Nathaniel Popkin at Public Books:
Lebanese author Elias Khoury’s latest novel to be translated into English, Broken Mirrors, is about identity and memory, destruction and displacement, exile and its internal ruptures. The book opens with the exiled Karim Shammas having just returned to a still-dangerous Beirut in 1990, as the Lebanese civil war that began in 1975 works its way to an explosive end. Karim suffers from a “homesickness for Beirut [that] had left him incapable of thought” and lands him in his home city without his knowing exactly why he is there. The deep, inexplicable longing that overtakes him in middle age is accompanied by paralyzing despair over endemic violence, endless war, and pervasive corruption. “The war will never end because it’s inside us,” says a woman, Salma, to Karim, reflecting not only the accumulated anguish of war, but the deeply fractured nature of Lebanon, Christian and Muslim, born from French and English imperial maneuvering and Maronite demands for a state independent of Syria at the fall of the Ottoman Empire.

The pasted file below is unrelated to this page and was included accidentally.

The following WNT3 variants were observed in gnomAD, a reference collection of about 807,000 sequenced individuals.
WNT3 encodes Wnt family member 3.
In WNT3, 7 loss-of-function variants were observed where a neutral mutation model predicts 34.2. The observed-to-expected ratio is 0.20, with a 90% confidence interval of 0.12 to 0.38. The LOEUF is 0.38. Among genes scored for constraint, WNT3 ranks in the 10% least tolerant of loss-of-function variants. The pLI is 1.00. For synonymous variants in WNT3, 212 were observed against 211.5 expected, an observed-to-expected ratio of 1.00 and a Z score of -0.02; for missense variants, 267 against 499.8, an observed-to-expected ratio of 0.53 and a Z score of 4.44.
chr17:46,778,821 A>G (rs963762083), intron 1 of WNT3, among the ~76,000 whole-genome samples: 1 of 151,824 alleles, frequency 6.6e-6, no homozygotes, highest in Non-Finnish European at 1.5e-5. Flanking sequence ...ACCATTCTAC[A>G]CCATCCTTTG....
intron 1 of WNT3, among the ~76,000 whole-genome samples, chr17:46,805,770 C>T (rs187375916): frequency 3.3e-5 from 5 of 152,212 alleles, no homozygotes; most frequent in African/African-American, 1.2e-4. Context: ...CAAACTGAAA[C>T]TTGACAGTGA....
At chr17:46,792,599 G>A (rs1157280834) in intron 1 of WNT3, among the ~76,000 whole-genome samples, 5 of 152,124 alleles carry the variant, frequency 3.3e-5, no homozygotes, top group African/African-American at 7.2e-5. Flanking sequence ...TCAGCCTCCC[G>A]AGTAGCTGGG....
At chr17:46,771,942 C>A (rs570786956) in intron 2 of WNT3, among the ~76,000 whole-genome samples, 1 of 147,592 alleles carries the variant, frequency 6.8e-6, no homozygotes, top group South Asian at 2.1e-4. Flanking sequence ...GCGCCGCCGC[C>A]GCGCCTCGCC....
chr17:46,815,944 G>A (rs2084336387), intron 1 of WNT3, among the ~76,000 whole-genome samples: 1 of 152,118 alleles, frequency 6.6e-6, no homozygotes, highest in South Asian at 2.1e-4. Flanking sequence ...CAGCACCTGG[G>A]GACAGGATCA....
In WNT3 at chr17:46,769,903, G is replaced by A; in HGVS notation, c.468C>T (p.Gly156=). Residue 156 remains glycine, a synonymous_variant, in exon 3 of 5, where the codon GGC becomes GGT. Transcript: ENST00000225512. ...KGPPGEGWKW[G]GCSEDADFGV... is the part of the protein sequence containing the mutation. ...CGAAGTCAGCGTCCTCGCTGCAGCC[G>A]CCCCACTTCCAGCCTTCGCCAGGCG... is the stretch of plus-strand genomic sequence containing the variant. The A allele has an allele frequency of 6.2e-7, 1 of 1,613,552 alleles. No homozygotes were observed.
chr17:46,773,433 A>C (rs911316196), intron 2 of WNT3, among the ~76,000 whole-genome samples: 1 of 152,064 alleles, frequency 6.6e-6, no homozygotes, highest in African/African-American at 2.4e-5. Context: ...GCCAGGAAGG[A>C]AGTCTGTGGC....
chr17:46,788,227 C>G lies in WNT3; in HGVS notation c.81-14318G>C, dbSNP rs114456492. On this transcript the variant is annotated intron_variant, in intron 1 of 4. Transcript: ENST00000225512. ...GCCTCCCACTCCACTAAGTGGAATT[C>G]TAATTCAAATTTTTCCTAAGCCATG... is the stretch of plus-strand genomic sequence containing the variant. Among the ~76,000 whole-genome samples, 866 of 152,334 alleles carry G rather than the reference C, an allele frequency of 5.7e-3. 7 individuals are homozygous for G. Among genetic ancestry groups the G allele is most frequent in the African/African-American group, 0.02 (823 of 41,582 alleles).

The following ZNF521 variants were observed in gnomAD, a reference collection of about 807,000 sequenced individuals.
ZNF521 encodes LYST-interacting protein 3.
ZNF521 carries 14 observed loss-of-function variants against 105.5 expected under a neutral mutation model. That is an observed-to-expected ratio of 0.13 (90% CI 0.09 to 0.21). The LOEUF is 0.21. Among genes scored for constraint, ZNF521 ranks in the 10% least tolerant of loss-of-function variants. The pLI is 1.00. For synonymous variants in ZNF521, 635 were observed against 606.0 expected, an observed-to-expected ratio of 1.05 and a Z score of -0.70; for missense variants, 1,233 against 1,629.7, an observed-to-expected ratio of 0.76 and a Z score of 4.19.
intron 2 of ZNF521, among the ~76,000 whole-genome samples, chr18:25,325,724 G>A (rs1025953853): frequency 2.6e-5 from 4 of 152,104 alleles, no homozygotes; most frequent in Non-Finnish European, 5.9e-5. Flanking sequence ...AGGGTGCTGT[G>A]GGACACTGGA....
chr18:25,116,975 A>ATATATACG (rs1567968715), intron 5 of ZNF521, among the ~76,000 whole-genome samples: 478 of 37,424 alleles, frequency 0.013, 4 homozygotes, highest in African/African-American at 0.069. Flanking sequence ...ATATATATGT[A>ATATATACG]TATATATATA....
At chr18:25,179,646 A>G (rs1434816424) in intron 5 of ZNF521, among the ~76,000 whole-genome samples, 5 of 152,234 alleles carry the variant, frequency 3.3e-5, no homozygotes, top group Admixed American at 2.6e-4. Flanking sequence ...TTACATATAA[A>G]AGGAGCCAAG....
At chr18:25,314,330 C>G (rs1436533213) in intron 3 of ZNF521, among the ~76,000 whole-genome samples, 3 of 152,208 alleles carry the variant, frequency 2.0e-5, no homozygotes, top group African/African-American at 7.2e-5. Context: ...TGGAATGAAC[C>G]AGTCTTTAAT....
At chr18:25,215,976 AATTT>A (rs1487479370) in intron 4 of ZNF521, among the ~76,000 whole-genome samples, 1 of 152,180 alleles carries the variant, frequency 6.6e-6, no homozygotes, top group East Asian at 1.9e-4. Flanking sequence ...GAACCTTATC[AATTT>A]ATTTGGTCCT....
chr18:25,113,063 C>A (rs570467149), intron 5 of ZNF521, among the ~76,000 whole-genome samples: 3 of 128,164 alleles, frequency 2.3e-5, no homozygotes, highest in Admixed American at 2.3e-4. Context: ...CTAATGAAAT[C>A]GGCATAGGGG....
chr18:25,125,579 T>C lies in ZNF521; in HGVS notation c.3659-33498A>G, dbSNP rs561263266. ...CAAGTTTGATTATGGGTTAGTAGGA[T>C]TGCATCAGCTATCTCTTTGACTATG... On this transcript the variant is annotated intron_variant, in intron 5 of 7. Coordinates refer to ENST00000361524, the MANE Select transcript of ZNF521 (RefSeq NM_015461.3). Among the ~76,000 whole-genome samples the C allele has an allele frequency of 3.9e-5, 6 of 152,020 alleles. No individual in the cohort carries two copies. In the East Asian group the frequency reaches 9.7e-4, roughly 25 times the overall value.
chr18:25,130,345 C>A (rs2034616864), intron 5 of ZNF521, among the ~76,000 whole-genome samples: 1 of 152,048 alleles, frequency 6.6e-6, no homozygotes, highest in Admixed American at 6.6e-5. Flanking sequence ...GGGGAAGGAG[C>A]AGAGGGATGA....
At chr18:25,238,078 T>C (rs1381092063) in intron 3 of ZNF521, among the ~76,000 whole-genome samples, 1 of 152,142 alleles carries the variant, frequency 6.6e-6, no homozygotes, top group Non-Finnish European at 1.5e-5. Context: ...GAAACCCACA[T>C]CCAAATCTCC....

Khoury, who was until recently a Global Distinguished Professor of the Middle Eastern and Arabic Studies at New York University and the editor of a top Lebanese literary magazine, Al-Mulhaq, is a stunning literary voice of Beirut’s despair and resilience. He isn’t alone in this project. Beirut, its sweep of sea and mountains perched on the edge of East and West, open and cosmopolitan, yet fundamentally unstable, has engendered an urban literature of resilience and memory, of voices trapped in the rubble.